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Blog // Travel
September 24, 2006

The Perfect Pizza

Confession time – I love pizza. I love cooking pizza, I love eating pizza, heck I even love reading about pizza. So, it was interesting to follow the link from Lifehacker to Jeff Varasano’s page on making the perfect pizza. It’s a fascinating read, though phrases like “wet mozzarella management” are a bit off-putting (I […]

Confession time – I love pizza. I love cooking pizza, I love eating pizza, heck I even love reading about pizza.

So, it was interesting to follow the link from Lifehacker to Jeff Varasano’s page on making the perfect pizza. It’s a fascinating read, though phrases like “wet mozzarella management” are a bit off-putting (I was wondering for a little while if this was little more than cork-sniffing applied to pizza). However, the principles are sound and the experiments with dough really interesting.

The writing reminds me of another Jeff on pizza, Jeffrey Steingarten in It Must’ve Been Something I Ate. Steingarten is one of my favourite food writers and his chapter on making the perfect pizza is a must read.

Both Jeffs identify that three things are essential to any good pizza. You need good tomato sauce, good yeast-dough and a high cooking heat. In fact, I would say from my many years searching for the ideal pizza, that high cooking heat is the most important. Fact is, you can use a premium bottled pasta sauce (or sugo) on a really good base cooked at high heat and it will surpass most homemade, and many delivered pizzas.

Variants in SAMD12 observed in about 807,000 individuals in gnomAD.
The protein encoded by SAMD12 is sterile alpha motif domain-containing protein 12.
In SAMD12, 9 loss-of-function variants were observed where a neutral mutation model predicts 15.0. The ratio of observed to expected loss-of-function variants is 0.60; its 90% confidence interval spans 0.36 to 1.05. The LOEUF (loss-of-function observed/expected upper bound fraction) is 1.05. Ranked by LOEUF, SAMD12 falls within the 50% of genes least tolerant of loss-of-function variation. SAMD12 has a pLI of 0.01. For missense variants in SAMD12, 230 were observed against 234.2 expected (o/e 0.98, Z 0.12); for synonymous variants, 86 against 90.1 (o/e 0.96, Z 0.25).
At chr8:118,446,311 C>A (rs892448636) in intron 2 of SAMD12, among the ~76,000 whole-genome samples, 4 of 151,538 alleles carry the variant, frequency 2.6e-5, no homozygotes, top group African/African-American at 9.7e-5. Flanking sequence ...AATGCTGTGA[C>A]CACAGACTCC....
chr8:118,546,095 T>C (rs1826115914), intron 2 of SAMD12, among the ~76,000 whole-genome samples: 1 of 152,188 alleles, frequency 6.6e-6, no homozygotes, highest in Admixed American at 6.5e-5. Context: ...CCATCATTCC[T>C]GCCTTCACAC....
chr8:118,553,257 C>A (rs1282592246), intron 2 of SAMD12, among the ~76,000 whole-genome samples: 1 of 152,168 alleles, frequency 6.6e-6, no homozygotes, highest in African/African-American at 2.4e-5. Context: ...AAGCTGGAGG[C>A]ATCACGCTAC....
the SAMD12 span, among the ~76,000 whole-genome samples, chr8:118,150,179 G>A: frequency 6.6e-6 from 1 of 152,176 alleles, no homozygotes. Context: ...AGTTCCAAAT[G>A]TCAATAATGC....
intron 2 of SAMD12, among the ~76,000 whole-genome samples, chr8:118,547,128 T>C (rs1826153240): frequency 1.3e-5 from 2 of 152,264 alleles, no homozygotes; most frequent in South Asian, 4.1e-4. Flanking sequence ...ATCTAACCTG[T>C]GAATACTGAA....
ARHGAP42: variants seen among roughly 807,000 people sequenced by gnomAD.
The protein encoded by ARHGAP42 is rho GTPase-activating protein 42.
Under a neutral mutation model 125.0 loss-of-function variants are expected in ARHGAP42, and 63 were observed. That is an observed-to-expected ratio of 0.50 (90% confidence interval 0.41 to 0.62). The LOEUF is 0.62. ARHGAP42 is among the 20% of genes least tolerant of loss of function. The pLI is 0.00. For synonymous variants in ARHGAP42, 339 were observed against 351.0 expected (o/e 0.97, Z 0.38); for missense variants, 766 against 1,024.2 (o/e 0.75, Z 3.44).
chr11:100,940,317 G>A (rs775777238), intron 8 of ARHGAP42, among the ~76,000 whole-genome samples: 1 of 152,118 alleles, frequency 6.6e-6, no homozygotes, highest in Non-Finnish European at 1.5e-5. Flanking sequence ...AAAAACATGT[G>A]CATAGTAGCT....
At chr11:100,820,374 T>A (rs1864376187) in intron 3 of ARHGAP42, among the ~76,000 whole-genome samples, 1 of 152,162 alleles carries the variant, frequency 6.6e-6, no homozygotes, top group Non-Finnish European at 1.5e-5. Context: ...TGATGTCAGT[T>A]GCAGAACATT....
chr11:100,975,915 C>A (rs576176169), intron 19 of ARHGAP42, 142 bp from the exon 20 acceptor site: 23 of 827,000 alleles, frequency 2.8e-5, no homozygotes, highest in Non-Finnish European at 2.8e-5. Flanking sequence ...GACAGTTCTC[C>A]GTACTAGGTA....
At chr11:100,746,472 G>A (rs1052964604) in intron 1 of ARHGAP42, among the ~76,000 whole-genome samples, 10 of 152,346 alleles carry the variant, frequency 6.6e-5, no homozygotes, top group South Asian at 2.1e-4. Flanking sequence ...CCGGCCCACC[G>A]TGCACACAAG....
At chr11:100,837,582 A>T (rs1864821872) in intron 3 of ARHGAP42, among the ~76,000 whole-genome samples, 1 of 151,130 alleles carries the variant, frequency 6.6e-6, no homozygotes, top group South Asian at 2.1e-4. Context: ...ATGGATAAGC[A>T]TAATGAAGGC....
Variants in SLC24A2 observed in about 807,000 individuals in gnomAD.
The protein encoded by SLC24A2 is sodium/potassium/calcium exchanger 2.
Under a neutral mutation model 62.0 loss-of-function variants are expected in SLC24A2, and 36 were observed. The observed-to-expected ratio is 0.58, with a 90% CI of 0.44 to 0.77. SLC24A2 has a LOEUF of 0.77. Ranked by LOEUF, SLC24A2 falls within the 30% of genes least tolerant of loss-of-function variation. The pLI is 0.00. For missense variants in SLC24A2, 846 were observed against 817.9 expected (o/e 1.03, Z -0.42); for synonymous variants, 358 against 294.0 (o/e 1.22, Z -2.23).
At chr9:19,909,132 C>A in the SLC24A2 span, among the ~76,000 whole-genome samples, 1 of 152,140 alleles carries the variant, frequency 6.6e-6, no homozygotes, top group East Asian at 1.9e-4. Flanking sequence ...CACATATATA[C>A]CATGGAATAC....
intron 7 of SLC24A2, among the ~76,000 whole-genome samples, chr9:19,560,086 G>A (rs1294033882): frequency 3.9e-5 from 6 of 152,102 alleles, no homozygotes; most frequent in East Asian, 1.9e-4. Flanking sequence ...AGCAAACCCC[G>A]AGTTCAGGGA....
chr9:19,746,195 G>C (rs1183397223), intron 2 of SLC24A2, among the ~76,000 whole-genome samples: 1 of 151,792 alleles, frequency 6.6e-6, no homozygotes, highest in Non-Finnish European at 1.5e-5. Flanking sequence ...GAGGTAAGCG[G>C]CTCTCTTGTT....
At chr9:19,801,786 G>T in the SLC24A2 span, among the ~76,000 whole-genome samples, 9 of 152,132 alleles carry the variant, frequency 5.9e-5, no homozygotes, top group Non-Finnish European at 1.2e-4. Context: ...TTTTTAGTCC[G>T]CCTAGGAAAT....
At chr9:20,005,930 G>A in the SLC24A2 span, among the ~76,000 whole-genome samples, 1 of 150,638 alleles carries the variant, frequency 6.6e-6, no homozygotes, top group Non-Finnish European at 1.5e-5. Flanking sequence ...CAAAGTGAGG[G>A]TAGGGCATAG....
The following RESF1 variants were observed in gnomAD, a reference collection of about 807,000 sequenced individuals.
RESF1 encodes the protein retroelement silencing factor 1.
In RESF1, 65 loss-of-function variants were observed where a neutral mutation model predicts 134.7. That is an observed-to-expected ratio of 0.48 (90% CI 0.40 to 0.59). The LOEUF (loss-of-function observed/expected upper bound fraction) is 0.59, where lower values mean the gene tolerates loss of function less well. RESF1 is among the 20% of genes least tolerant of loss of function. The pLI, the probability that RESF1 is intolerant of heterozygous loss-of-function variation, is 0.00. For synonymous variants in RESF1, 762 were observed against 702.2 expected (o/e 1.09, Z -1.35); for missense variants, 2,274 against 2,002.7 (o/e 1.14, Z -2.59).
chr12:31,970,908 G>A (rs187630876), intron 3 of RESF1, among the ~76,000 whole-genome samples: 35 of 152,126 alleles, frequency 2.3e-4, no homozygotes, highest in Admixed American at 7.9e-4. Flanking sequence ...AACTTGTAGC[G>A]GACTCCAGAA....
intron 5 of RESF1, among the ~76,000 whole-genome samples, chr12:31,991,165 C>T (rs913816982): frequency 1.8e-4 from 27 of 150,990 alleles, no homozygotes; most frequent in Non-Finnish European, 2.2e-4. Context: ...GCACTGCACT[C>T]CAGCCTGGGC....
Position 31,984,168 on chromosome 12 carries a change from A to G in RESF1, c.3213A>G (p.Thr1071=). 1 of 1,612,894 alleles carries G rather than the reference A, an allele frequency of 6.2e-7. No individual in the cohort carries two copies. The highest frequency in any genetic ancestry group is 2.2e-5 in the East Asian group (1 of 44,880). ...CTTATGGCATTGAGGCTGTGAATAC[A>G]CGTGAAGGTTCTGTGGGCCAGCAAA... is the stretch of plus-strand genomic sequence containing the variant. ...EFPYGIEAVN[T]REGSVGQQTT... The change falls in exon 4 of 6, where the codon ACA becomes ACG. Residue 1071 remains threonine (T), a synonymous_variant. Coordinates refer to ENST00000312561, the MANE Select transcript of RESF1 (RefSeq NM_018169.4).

Steingarten comfirms this with the use of heat measuring gun. Domestic ovens (even expensive ones) are seldom hot enough to cook a really good pizza. This, more than dough, sauce or toppings is the biggest difference between a home made pizza and a commercial one.

It’s also the reason why homemade pizzas usally need some oil in the dough, in contrast to Varasano’s recipie, in order to achieve optimal crispness.

That said, if you’ve never made a pizza at home, why not give it try. Dough is actually much easier to make than most people imagine and topping the pizzas can be a fun social or family activity.

[tags] Pizza [/tags]

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Responses
Damian 16 years ago

Funny you post this now. I just made and ate some pizza.
I agree on the oven temp, my oven doesn’t cook the dough properly before some of the topings get sogggy. They still taste good though 🙂

I make my own dough, I have a bread making machine that handles all the kneeding and rising for me. Very simple.

Toni 16 years ago

Like Damian, I find this post funny, having just returned from Italy.

From experience, Tuscan pizza is ‘OK’ but doesn’t set our world alight. Toppings tend to the minimal: a smear of tomato, a little ham and a few slivers of mushroom, maybe instead some olives, or maybe some cheese. It isn’t luxury food, and although the bases are quite nice, once they cool then it all gets a little chewy.

We have pizza we’ve made for years now. Pizza base dough freshly mixed and around 3/16″ thick, tomato puree in a thin coating only, tuna (with as much oil as I can get away with) peppers, cheese (at least 100g on a 15″ pizza) and herbs. Bake around 12 min at 200’C.

Sure it’s not a classic, but it does satisfy a family apetite.

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